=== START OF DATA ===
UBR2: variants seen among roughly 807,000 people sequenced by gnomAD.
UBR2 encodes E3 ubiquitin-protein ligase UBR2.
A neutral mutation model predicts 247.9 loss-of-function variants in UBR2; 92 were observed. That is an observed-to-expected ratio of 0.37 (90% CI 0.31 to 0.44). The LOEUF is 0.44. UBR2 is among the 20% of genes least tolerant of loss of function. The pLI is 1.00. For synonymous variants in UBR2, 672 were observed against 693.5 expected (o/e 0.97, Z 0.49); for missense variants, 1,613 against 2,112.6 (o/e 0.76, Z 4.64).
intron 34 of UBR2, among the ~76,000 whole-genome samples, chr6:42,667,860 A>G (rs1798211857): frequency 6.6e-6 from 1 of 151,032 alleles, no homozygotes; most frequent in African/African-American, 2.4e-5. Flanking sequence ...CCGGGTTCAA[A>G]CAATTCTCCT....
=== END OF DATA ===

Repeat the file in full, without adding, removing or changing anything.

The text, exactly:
UBR2: variants seen among roughly 807,000 people sequenced by gnomAD.
UBR2 encodes E3 ubiquitin-protein ligase UBR2.
A neutral mutation model predicts 247.9 loss-of-function variants in UBR2; 92 were observed. That is an observed-to-expected ratio of 0.37 (90% CI 0.31 to 0.44). The LOEUF is 0.44. UBR2 is among the 20% of genes least tolerant of loss of function. The pLI is 1.00. For synonymous variants in UBR2, 672 were observed against 693.5 expected (o/e 0.97, Z 0.49); for missense variants, 1,613 against 2,112.6 (o/e 0.76, Z 4.64).
intron 34 of UBR2, among the ~76,000 whole-genome samples, chr6:42,667,860 A>G (rs1798211857): frequency 6.6e-6 from 1 of 151,032 alleles, no homozygotes; most frequent in African/African-American, 2.4e-5. Flanking sequence ...CCGGGTTCAA[A>G]CAATTCTCCT....